Brent Celek and Zach Ertz will take on bigger roles, thrive in 2014


The NFL game has evolved to great expansion over it’s nearly 100 year existence. This has never been more true than as it now when relating to how players are used on offense. The traditional featured back role is being phased out as running back committees are becoming more common, and having personnel that can catch as well as they can block is becoming a necessity. One of the more intriguing developments, however; is the over reliance on dual tight end systems, especially when they can cover up for any perceived holes in the wide receiving corps. Chip Kelly tinkered with it last season, and in year two you can expect the Eagles to embrace it fully.

When Kelly drafted tight-end Zach Ertz in 2013, there were some raised eyebrows. Brent Celek was still on the right side of 30 and had been consistently effective.  Still, Ertz provided mismatch opportunities that Kelly couldn’t pass up, especially as he has shown an affinity for players that are versatile in performance.

The pickup was a good one regardless, as Ertz provided athleticism and depth to the position. NFL teams across the league benefit themselves when they have a surplus of talent at a position. Splitting snaps between the two is a good problem to have.

However, what’s so unique about this Eagles offense is that Kelly has designed it to allow both to remain on the field a majority of the time together. Disregarding a traditional fullback completely, Ertz and Celek often line up parallel to each other. This not only allows Nick Foles an extra weapon, but also mobile protection in a fast paced offense.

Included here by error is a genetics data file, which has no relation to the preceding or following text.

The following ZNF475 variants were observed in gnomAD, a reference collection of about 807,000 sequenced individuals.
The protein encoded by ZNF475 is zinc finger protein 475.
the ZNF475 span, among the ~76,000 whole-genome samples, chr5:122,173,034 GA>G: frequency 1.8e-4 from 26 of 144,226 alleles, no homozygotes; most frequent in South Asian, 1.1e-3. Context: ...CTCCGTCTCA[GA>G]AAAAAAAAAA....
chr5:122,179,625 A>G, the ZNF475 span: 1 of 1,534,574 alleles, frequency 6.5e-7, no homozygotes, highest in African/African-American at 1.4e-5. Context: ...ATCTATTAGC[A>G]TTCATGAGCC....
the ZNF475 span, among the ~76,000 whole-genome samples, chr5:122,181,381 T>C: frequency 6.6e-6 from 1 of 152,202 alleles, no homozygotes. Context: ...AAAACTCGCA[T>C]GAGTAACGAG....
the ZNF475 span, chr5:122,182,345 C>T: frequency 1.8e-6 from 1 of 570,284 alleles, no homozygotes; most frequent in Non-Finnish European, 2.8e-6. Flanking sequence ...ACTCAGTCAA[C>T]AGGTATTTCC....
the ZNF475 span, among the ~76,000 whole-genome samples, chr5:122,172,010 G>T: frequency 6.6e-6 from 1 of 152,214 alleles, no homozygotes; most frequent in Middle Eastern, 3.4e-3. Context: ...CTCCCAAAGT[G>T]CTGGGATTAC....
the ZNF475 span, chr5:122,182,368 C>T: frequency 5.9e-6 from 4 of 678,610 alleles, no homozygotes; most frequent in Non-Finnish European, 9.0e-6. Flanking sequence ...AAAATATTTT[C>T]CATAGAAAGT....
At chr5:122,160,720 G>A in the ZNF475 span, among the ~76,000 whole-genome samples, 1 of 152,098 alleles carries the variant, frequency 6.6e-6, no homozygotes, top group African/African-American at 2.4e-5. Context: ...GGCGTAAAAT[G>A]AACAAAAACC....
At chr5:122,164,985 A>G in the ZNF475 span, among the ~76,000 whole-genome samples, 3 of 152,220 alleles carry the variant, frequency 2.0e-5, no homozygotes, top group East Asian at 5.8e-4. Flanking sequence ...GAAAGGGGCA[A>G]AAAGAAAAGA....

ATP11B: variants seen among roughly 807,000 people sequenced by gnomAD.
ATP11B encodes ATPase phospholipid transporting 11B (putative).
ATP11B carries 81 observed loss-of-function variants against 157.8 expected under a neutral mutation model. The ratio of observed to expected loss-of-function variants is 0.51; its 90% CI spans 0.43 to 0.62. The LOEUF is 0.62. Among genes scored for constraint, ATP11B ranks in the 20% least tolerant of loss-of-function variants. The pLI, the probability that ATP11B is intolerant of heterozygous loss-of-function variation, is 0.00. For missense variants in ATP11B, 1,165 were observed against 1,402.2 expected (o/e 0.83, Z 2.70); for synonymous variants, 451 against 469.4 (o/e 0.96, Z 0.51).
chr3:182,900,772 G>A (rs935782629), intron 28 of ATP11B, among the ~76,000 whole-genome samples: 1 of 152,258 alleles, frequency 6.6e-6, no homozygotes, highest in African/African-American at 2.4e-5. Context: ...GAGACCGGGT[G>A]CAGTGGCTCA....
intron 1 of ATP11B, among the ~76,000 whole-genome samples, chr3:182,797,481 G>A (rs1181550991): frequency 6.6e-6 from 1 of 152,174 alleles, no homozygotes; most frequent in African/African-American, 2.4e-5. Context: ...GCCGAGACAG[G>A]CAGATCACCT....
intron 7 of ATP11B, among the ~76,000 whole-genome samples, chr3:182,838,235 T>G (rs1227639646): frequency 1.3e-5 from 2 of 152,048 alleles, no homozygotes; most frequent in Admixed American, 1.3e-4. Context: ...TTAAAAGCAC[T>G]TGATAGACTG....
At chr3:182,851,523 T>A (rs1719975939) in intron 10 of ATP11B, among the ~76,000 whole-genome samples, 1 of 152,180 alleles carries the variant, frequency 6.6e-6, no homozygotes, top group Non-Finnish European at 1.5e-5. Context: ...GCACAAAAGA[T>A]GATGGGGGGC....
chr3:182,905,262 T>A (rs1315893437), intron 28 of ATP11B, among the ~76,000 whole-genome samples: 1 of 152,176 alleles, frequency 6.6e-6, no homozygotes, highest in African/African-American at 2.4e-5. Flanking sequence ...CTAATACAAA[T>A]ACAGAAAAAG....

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As a rookie, Ertz made good strides throughout the season blocking, and in year two should get better at doing so. Celek, on the other hand, has enough experience protecting the quarterback and runners in the backfield, and is more than capable of catching a pass on the fly. In fact, he’s possibly the most reliable target on the field when necessary, but even if he isn’t being used as a weapon in the passing game, he can still be effective on the field.

Last season, Ertz and Celek combined for 971 receiving yards and 10 touchdowns. Foles targeted them both 50 plus times each, and in their first year in this offense, they were integral part of one of the league’s best units. There was no clear favorite between the two, and it kept defenses out of order, and also opened up the pass game for the receivers on hand. Where Celek lacks in mobility he makes up for in protection, and Ertz’s athleticism and ability to create mismatches makes the duo a tandem in itself. When you have that many options plus an equally destructive LeSean McCoy in the backfield, it makes the offense so much more potent.

In 2014, the tight-end duo will likely be asked to take on a bigger role in thee offense. DeSean Jackson is gone. Jeremy Maclin may be facing health issues the entire season. Riley Cooper is a good number two or three wideout, but if he’s asked to be a number one at times this year, that may be too big of a role for him to thrive in, despite how good Kelly’s system is. Jordan Matthews and Josh Huff are only rookies. And with Lane Johnson out for the first four games, and Allen Barbre struggling the preseason, Celek and Ertz (mostly Celek) might be asked to block more as well. In short, the two got varying workloads in 2013, but figure to be key cogs in 2014.

As the season kicks off and expectations for the Eagles continue to rise, the success of this offense will come down to heavy contributions from Ertz and Celek. It is nice to have so many weapons on the field, but there are still only a select few that will change the course of a game week in and week out. With a dual tight-end system firmly in place, the Eagles will be able to do just that, hopefully allowing their offense to continue to soar in 2014.